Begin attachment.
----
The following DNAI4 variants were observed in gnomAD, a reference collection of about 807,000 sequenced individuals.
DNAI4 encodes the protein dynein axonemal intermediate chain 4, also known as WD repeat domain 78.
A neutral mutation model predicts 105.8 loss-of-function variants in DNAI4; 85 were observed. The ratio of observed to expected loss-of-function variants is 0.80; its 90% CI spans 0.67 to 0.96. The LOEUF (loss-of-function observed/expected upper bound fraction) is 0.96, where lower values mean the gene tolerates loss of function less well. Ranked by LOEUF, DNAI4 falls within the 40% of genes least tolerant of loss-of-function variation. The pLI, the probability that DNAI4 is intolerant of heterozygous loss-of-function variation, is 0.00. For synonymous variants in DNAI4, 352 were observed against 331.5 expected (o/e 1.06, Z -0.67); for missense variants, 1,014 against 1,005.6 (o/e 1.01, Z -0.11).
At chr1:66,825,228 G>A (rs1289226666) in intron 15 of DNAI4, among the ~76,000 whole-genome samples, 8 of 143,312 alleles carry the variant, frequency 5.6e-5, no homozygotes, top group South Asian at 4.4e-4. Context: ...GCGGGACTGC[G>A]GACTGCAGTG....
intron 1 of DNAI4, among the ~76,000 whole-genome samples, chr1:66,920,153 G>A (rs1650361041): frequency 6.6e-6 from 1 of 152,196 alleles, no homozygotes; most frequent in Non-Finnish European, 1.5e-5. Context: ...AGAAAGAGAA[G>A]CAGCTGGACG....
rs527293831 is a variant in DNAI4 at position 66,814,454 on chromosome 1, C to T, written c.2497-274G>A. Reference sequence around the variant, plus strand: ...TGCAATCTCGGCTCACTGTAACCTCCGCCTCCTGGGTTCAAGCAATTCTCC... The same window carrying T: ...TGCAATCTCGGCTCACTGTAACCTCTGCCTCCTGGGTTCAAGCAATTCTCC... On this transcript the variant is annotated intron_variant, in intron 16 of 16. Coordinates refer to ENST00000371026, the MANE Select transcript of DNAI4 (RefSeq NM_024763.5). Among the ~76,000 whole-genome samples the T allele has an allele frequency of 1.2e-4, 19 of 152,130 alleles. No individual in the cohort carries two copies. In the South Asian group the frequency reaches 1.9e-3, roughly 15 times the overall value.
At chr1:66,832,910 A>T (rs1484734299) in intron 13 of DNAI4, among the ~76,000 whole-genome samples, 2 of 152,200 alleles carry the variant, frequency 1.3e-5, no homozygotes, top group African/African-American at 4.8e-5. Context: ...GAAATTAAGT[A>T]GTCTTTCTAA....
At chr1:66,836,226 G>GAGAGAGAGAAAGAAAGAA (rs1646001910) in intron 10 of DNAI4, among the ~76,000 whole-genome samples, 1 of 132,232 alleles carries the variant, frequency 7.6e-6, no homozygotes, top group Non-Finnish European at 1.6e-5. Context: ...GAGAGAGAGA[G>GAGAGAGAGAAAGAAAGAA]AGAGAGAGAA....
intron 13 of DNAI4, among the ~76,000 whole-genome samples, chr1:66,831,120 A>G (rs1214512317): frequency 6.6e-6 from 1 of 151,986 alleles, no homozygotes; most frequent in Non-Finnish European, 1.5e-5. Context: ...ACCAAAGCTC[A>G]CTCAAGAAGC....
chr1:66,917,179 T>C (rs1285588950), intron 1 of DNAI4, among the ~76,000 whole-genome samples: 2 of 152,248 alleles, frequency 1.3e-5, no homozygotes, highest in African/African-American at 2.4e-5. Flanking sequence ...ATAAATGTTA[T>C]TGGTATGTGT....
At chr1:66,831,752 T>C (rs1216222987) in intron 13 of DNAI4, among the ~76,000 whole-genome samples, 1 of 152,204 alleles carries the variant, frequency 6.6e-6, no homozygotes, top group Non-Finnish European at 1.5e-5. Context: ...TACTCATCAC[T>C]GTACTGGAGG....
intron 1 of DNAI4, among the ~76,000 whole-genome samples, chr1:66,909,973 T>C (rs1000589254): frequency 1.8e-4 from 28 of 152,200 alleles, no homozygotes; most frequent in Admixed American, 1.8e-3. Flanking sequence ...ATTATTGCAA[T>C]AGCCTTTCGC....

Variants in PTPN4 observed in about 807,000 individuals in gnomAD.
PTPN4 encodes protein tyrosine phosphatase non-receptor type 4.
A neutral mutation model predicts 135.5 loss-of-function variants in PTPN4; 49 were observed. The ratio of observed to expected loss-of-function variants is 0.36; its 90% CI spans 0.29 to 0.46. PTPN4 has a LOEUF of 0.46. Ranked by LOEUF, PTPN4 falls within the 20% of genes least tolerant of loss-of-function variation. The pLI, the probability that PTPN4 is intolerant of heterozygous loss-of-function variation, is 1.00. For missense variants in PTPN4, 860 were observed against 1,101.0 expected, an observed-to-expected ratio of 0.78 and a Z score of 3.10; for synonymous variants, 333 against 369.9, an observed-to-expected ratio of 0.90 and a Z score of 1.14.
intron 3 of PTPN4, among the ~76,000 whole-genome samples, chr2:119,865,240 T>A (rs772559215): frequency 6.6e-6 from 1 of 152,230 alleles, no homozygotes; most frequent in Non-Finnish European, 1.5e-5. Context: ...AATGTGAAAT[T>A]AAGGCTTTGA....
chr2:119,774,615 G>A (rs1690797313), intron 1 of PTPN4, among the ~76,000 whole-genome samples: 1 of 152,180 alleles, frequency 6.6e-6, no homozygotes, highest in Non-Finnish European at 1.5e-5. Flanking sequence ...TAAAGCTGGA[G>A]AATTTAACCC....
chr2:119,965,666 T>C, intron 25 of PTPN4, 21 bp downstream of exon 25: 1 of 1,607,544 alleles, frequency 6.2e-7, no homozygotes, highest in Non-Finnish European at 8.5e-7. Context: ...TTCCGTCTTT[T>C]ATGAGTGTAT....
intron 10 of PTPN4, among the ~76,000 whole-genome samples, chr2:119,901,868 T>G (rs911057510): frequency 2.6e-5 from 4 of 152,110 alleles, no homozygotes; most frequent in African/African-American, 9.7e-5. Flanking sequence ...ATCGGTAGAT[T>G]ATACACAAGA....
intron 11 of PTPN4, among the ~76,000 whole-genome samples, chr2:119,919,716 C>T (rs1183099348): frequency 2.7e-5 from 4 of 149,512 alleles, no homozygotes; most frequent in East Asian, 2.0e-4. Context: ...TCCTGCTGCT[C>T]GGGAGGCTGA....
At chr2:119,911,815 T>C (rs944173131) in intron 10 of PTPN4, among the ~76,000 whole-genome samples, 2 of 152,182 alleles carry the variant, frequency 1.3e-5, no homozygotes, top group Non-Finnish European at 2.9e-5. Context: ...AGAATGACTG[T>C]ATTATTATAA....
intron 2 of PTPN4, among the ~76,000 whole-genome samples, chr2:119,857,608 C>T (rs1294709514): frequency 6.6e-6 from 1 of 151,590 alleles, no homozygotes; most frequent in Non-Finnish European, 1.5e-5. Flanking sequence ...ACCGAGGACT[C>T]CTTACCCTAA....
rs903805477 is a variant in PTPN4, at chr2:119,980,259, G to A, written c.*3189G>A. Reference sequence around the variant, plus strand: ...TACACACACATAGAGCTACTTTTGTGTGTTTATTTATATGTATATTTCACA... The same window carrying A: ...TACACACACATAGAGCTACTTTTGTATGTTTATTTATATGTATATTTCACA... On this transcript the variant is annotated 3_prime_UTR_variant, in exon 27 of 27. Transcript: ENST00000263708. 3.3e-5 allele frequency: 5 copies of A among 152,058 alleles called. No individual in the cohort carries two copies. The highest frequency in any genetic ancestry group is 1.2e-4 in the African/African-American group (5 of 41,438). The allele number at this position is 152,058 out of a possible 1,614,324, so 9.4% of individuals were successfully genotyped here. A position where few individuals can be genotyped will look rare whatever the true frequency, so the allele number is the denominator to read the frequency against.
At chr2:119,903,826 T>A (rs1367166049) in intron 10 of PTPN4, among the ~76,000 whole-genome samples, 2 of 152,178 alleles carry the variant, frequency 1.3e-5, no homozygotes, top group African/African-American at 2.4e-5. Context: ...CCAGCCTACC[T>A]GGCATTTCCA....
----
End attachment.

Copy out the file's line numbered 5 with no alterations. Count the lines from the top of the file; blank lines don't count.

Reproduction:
intron 1 of DNAI4, among the ~76,000 whole-genome samples, chr1:66,920,153 G>A (rs1650361041): frequency 6.6e-6 from 1 of 152,196 alleles, no homozygotes; most frequent in Non-Finnish European, 1.5e-5. Context: ...AGAAAGAGAA[G>A]CAGCTGGACG....